VOICES | LEBANON: Can the phoenix be born again?
There are many armed conflicts still going on in the world, countless peoples of the world who are living humanitarian tragedies. Today, Afghanistan is the focus of worldwide media attention but… not so for other countries. Not Yemen or Myanmar, Syria, Nigeria, Democratic Republic of Congo, Venezuela, South Sudan, Somalia, Central African Republic, to name a few. On our website, these countries will always find space and attention. But with this article, we would like to do more: give them a voice. We want to give voice to their hunger for peace, rights, justice, equity, equality… Let’s start from Lebanon and the Lebanese people, who have been stuck for far too long in a political, social and economic crisis that is tragically forcing “the best of youth”, even the most qualified, to migrate, to look for hope elsewhere. The following article comes to us from the Land of the Cedars, the writer is a woman.
September 2021: we are now two years away from the October 17, 2019 revolution which has seen Lebanese of all religions converge in impressive demonstrations, to say no to the political class that for more than 30 years has led the country adrift, to denounce the corruption and cronyism that were rampant in many institutions, making the state, in several cases, non-existent.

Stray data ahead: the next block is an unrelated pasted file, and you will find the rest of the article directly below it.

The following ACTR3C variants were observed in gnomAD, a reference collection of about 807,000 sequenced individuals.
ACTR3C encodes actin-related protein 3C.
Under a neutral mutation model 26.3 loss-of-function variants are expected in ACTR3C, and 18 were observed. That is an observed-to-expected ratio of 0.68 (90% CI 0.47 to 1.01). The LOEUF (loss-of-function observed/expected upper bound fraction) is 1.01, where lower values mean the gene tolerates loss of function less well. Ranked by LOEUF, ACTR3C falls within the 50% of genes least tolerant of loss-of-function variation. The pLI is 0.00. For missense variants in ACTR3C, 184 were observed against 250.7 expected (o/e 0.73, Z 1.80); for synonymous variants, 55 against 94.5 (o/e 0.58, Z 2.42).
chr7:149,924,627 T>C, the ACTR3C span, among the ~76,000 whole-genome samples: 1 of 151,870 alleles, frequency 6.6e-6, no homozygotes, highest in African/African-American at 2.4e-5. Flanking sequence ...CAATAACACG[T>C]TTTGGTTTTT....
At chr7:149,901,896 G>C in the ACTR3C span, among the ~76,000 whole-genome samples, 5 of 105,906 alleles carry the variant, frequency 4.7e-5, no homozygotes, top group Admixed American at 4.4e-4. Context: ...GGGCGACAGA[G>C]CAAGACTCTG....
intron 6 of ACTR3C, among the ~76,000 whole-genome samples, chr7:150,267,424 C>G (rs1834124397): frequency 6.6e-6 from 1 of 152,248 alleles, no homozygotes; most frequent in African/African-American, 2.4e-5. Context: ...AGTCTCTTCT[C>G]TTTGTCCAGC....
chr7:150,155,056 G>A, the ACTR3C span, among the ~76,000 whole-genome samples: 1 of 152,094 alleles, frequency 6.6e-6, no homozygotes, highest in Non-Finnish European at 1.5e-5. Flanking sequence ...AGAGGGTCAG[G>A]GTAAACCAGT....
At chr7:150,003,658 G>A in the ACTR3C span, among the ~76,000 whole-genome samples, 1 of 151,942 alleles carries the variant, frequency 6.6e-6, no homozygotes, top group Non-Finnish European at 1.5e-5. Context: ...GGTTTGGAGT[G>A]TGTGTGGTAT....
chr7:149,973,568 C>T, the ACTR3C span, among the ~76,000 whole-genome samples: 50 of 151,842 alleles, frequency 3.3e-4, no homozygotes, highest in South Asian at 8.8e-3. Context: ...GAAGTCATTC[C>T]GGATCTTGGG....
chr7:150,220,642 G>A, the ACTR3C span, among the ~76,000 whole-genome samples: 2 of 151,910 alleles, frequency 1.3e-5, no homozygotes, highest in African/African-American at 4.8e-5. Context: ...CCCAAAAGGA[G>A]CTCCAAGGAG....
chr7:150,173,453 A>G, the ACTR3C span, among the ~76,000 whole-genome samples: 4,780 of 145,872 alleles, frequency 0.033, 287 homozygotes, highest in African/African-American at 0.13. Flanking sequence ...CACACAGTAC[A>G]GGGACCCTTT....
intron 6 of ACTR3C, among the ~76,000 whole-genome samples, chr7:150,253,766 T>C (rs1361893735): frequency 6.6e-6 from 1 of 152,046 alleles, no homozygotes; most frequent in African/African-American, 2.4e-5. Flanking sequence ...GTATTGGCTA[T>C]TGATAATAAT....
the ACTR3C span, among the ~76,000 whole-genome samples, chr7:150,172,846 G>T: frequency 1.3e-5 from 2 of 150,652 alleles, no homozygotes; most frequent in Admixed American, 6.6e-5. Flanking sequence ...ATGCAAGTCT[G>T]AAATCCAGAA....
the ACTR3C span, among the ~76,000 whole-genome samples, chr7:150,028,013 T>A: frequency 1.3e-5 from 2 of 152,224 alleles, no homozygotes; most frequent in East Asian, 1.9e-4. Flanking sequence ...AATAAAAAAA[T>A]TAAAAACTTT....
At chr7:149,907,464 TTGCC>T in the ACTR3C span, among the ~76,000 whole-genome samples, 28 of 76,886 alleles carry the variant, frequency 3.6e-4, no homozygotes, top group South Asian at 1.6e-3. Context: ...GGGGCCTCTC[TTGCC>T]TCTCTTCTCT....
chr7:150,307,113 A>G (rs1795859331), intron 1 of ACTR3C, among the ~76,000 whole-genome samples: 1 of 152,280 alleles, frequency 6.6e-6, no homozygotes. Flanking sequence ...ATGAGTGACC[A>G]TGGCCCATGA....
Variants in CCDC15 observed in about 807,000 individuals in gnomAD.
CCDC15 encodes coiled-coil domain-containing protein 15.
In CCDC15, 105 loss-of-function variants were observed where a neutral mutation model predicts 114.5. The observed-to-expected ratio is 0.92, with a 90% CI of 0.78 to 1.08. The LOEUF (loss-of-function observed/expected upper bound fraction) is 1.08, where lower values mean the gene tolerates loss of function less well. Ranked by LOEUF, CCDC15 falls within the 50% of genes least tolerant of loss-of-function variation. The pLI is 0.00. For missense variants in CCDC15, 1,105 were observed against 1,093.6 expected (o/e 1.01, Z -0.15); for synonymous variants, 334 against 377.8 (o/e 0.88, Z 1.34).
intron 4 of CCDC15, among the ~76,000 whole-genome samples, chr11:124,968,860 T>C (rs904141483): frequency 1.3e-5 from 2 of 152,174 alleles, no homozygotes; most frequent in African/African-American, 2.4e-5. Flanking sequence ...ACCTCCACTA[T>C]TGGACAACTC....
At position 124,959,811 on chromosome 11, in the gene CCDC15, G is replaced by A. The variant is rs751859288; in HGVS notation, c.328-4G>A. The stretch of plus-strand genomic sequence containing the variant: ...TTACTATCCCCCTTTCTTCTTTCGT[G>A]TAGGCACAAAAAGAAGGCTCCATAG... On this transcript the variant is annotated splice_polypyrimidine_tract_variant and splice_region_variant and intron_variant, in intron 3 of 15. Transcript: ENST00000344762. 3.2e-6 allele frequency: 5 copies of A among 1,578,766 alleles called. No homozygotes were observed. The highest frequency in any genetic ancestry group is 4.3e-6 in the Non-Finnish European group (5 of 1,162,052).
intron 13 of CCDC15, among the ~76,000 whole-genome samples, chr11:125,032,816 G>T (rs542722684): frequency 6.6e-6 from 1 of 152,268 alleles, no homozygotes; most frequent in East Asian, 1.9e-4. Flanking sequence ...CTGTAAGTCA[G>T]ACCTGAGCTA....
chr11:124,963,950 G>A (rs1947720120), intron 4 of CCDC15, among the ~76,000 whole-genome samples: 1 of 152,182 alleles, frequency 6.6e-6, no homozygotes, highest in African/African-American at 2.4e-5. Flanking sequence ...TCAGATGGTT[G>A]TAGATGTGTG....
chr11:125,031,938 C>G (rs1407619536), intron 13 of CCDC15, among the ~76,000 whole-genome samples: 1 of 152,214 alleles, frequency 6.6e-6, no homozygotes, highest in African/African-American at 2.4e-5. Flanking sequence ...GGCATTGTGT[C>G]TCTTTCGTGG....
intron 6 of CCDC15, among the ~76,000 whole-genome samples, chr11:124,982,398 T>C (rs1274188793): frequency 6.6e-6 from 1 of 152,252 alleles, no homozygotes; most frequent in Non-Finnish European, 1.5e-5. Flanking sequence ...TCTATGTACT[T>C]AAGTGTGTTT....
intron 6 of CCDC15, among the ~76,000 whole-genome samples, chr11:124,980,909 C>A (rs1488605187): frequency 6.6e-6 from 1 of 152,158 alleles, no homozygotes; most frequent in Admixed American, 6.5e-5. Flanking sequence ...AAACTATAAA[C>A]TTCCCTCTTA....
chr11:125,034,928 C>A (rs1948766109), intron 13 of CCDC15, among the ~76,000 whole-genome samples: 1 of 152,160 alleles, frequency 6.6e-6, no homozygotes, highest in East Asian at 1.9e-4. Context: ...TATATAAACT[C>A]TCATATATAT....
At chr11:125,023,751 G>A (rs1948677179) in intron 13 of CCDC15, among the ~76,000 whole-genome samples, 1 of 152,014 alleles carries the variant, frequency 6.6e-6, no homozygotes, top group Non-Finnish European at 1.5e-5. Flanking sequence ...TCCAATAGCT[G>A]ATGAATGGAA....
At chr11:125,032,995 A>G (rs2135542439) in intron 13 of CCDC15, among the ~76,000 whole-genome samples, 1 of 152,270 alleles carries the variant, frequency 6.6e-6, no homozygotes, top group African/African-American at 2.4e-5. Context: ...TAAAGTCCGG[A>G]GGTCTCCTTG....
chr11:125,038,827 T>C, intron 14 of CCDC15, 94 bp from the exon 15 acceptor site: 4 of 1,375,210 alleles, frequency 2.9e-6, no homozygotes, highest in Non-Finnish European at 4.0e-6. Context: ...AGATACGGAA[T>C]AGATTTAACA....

The October 2019 revolution was like a swan song, a particularly significant moment that could lead to fundamental change, but that in reality has not been able to recover the delay of the awareness by the people to have chosen politicians completely inadequate that, in their numerous mandates have not been committed in any way to realize the promises made to the citizens.
A revolution that also suffered from the lack of leadership, the absence of new figures who could offer a vision for the future, take charge and replace the corrupt political class.
In the midst of the political storm and the pandemic crisis, Lebanon had to live through the drama, not the last, of the explosion of August 4, 2020, which is nothing but the result of an “ungoverned” country and therefore exposed to all kinds of risks.
And today, unfortunately, we are faced with an unprecedented situation; everything that is happening in Lebanon is “unprecedented”: devaluation of the Lebanese lira (20,000 L.L. against one dollar is the current exchange rate on the black market); illegal capital control exercised by banks as a result of the country’s undeclared bankruptcy, shortages of electricity, fuel, medicines, medical equipment and basic necessities… And the real tragedy is the exodus of young people, of families who have the means to leave the country in search of a minimum of dignity, precisely those who constitute “the promise of tomorrow”.